“Worship has been so spiritual lately.”

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By Peter Hanson, Lead Pastor

I’ve started to lose count of the number of times I’ve heard this in the past few weeks. Variations include the words “meaningful,” “cohesive,” and “moving.” On the surface, it’s a rather curious comment—sort of like telling a doctor that her surgery was particularly “medical.” But I do hear the appreciation in these comments, and I am truly grateful for them.

In the past several months, there has been a good deal of focused effort put into the crafting of our worship experience at Christ the King. As I first shared in the course of the Worship and Music Study last spring, let me reiterate three broad-stroke “movements” I feel we are being called to make in the way we think of, talk about, and engage in worship at CtK.

Movement 1: From Performance to Participation.

At its heart, Christian worship is the gathering of the whole body of Christ. Far from being a passive audience, the assembled congregation are active participants in worship—through songs, prayers, and readings as well as gestures and movement. While there are some performative aspects to worship, even these are meant to lead, engage, and support the activity of the entire body. A broadening of those involved in worship leadership also helps reflect its participative nature.

Movement 2: From Preference to Purpose.

As one person reflected at a Worship and Music Study forum, “We need to be less concerned about what I like and more about what we need.” In a similar way, the various elements of worship need to serve a larger purpose in communicating the message of the Gospel and engaging people in that message. We all have songs we don’t really care for, ways of praying we’re not used to, instruments we enjoy more than others, and preachers we’d rather hear from. Part of the corporate nature of worship is that shared purpose ought to outweigh individual preference.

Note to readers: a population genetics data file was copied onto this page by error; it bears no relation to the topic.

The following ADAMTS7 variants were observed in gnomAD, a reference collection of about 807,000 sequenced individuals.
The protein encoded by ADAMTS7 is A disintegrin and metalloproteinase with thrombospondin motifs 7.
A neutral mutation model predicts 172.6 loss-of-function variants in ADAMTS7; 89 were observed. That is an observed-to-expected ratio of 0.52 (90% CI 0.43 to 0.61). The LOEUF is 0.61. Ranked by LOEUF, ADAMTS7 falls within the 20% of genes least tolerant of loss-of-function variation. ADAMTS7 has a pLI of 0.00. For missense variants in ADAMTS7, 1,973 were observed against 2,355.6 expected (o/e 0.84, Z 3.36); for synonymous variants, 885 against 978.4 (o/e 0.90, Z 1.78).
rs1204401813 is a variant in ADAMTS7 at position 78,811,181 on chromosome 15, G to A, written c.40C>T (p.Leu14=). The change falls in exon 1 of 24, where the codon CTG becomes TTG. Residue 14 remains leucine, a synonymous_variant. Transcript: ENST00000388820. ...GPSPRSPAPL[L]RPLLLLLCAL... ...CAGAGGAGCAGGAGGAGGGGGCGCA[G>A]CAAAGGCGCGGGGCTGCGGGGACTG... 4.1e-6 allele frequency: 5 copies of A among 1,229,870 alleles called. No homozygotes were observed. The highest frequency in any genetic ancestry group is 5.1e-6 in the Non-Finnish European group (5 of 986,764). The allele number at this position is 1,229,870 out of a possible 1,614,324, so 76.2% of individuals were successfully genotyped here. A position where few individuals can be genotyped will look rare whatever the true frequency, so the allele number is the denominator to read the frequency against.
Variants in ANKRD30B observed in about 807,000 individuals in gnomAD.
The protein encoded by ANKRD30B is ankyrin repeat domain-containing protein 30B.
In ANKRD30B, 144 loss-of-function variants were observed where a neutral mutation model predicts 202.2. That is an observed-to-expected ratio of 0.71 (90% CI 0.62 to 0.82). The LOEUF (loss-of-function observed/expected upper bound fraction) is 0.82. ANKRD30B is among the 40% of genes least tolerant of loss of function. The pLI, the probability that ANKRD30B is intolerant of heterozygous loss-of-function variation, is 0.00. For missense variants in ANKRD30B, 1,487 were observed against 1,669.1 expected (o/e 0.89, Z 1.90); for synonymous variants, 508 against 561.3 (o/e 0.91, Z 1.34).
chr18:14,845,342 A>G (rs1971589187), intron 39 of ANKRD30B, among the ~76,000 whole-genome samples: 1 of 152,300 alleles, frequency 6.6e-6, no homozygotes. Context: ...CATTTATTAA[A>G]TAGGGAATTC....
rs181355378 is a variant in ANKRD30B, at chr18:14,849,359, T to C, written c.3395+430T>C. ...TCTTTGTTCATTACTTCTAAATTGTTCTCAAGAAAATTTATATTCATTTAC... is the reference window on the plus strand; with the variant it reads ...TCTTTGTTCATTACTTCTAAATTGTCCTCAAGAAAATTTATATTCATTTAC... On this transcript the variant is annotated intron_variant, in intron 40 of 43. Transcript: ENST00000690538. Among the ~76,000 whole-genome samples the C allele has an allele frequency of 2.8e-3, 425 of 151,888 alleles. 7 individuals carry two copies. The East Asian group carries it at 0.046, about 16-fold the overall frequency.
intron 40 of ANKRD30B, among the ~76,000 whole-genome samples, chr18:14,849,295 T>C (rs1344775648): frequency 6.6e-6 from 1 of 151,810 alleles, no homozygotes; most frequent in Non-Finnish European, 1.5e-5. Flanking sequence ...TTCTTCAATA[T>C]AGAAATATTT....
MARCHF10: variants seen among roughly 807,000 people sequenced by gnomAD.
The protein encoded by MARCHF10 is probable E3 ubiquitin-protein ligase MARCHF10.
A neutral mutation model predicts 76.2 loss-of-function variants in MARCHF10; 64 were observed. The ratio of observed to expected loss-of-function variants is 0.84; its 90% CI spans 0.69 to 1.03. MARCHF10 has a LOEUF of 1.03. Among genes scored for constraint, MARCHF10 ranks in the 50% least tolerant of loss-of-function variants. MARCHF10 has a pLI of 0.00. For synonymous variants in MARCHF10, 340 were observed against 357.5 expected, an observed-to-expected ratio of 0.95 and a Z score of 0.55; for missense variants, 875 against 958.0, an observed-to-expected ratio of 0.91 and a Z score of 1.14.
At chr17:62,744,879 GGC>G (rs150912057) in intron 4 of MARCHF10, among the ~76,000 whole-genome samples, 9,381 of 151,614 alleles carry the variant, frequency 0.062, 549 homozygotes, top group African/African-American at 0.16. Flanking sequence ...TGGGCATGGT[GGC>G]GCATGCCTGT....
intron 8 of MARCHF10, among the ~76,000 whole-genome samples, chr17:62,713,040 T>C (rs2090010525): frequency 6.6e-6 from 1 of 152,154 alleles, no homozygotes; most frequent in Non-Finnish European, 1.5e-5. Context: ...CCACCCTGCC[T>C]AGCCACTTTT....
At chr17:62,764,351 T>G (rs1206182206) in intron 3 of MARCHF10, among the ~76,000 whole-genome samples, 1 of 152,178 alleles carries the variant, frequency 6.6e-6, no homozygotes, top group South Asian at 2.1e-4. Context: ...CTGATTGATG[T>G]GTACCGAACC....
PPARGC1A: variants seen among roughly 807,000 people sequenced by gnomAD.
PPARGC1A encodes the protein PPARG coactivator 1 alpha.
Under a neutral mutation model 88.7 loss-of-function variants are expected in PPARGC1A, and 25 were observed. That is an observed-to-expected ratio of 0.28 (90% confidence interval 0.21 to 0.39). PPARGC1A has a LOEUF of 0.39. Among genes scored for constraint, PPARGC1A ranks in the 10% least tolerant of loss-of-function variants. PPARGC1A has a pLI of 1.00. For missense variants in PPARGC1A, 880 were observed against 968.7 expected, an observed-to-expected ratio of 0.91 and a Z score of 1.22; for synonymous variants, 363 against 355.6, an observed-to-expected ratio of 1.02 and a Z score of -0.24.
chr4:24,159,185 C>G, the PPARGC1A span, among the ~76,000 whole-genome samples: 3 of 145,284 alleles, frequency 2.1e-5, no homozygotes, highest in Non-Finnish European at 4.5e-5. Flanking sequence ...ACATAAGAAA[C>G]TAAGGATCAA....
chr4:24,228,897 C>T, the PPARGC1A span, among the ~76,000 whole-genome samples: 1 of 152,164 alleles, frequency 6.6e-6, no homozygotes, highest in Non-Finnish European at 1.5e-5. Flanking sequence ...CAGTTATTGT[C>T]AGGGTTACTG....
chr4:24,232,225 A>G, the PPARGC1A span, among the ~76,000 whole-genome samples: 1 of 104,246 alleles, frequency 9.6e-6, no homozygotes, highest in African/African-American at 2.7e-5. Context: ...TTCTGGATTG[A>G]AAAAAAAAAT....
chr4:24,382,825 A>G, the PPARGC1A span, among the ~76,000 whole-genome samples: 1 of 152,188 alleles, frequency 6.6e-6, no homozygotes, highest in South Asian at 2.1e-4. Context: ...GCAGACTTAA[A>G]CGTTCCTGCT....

Movement 3: From Perfection to Authentic Practice.

It’s good to have high standards for our worship. But worship is a collective effort of flawed but forgiven people who often fall short of perfection. All of us make mistakes—from a sour note on the violin, to a reader mispronouncing “Abimelich,” to a confirmand lighting the “wrong” advent candle, to a missed mic cue, or late PowerPoint slide, to a pastor getting tongue-tied over the Words of Institution. But God’s grace abounds—and while we strive to do our best, we would do well to remember that an authentic heart seeking to connect with God and God’s people far outweighs a flawless anthem, sermon, offering, or slideshow.

Yes, worship is more spiritual lately. God’s Spirit is on the move, and the result has been movement among the people of God. Let the people say, “Amen!”

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